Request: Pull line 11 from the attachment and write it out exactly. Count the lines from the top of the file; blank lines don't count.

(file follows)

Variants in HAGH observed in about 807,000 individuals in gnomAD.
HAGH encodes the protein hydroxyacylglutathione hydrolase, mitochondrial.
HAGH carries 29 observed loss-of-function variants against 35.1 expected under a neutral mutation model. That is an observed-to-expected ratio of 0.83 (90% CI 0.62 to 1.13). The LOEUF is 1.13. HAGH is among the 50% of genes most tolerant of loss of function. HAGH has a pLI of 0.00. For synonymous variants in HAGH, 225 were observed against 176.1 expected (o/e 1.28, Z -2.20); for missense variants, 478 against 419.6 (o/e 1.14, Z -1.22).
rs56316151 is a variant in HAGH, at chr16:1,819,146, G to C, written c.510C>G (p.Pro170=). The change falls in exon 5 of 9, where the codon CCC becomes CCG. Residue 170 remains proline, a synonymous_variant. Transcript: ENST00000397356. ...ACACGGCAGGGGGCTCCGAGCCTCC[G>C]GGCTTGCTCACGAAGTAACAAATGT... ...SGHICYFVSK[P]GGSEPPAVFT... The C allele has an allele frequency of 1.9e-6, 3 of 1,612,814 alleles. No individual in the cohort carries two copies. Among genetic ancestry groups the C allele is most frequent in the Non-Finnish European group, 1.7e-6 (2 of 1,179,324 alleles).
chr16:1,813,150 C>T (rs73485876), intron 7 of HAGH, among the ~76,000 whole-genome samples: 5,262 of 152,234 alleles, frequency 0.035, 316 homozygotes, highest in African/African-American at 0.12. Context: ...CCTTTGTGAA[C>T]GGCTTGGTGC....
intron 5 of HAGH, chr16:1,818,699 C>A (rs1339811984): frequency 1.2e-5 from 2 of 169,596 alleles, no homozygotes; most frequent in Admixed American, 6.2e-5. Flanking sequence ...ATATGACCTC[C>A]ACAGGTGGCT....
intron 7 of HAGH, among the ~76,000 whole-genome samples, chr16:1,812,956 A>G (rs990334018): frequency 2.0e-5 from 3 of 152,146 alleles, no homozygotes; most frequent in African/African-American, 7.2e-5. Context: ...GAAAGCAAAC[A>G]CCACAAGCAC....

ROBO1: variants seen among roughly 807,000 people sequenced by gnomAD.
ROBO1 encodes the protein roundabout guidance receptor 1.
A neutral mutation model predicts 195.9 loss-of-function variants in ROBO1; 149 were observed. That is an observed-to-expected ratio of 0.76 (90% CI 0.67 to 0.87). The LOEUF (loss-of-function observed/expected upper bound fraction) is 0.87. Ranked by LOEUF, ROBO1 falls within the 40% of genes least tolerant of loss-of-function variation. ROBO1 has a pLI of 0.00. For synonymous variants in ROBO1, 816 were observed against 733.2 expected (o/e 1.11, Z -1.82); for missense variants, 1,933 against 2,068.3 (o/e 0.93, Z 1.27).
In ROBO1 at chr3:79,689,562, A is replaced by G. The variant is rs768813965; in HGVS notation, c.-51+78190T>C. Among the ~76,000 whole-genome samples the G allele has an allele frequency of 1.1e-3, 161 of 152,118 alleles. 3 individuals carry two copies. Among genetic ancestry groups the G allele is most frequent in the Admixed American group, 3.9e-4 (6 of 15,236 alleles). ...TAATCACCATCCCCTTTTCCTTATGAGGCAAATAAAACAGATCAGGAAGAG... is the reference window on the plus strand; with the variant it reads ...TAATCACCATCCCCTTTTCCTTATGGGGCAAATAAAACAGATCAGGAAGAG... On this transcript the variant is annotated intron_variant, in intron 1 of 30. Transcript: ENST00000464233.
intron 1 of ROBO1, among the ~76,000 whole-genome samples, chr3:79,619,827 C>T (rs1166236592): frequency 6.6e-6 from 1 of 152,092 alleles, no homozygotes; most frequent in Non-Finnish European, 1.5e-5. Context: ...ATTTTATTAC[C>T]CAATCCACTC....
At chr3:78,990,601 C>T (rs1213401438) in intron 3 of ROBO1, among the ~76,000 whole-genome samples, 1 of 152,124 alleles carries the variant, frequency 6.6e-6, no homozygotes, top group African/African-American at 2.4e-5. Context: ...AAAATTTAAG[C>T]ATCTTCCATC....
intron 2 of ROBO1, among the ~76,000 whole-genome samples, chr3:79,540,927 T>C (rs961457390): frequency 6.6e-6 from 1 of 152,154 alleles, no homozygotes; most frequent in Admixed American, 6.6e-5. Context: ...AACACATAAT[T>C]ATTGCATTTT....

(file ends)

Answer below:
In ROBO1 at chr3:79,689,562, A is replaced by G. The variant is rs768813965; in HGVS notation, c.-51+78190T>C. Among the ~76,000 whole-genome samples the G allele has an allele frequency of 1.1e-3, 161 of 152,118 alleles. 3 individuals carry two copies. Among genetic ancestry groups the G allele is most frequent in the Admixed American group, 3.9e-4 (6 of 15,236 alleles). ...TAATCACCATCCCCTTTTCCTTATGAGGCAAATAAAACAGATCAGGAAGAG... is the reference window on the plus strand; with the variant it reads ...TAATCACCATCCCCTTTTCCTTATGGGGCAAATAAAACAGATCAGGAAGAG... On this transcript the variant is annotated intron_variant, in intron 1 of 30. Transcript: ENST00000464233.